After today’s reading about branding and setting an professional identity, I thought of an experience when I first started out being a professional. I did a bunch of small geophysical projects with a very well known and one of the tops in his field geophysicist. After a couple of years of him and his company doing small projects, I managed a much larger geophysical project that lasted a month of collecting data. After spending days at a time with a person, you get to know them quite well. While he was collecting the data, he would field calls about upcoming jobs and I would try not to overlisten.

One day towards the end, he was trying to line up a “whale” of a project for a contractor for a US installation that made my month long project seem like loose change. An individual on his crew was from Australia and was working in the States on a visa. The contractor was giving hassling him about having a foreign national coming on the facility and it would require a bunch of paperwork and headaches. After a half dozen tries of him talking with the contracting people and the managers of the work, he finally told them which particular orifice that the contracting people could stick their extra paperwork.

I was floored. I was amazed by him walking away from suck a large project. He then told me the following that has stuck with me now for 20 years, “It would have cost me more than it was worth. Not every project is the same. Not every client is the same. You work with the people you want to work with and avoid the ‘assholes.’ If he had that much trouble now, it will cost him even more to get paid and having problems on the project. They would eat his profit on the job.”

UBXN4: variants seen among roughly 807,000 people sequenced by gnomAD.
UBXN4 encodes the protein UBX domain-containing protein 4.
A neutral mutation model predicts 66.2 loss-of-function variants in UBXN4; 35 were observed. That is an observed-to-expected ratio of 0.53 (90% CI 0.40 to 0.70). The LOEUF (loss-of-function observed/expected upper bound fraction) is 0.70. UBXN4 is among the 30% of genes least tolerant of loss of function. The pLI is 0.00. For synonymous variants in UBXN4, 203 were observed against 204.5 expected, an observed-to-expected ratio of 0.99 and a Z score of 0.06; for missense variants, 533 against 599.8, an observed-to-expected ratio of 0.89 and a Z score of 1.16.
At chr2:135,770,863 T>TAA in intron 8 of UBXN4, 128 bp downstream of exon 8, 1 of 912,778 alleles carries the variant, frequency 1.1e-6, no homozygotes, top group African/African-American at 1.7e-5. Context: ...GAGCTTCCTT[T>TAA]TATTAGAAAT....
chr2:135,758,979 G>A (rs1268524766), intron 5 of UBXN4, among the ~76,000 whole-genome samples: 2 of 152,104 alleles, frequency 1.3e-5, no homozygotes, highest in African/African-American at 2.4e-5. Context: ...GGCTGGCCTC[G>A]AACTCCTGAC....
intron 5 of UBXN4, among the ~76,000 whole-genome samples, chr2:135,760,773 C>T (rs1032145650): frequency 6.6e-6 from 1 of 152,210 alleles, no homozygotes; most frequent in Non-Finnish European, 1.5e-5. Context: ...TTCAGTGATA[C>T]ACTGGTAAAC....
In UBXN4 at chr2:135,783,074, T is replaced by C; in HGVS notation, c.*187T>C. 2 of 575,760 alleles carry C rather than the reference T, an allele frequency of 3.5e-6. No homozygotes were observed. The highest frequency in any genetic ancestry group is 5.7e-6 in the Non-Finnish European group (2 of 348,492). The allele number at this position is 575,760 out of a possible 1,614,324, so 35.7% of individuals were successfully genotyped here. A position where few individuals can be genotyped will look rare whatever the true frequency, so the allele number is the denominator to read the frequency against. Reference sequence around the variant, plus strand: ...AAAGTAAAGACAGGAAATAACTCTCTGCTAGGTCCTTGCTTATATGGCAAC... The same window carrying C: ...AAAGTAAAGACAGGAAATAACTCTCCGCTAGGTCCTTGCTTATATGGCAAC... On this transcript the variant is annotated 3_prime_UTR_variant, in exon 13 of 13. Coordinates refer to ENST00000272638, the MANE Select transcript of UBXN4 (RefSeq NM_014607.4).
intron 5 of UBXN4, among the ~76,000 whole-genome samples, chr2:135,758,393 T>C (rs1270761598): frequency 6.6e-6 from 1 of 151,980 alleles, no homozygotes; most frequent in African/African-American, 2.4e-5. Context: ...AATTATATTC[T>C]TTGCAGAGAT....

I went on for him being hired into my company and becoming my boss. I have since left that job but I still have the pleasure of him still willing do geophysics on my projects. I consider him a friend.

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  1. When talking to Land Development firms, there is a question I like to ask, “What would make you step away from a project?” Money drives the industry, and I understand that that leads people to success, but I prefer to work for leaders who share my own values. In engineering, we may have the privilege to afford to choose who we work for, and what projects we wish to advance. Your example is interesting because it is not particularly a legal ethical issue, but perhaps that’s the point. To act ethical and be a caring engineer is to act not only within the law, but within your own values.


  2. Since taking the Ethics class, I overall feel a little bit less worried about “stepping into the real world”. Because it made me realize that I get to choose my colleagues and work environment. Like the Young Professional Survival Guide says, setting up career goals, a persona and values before entering the “real world” are very important first steps.


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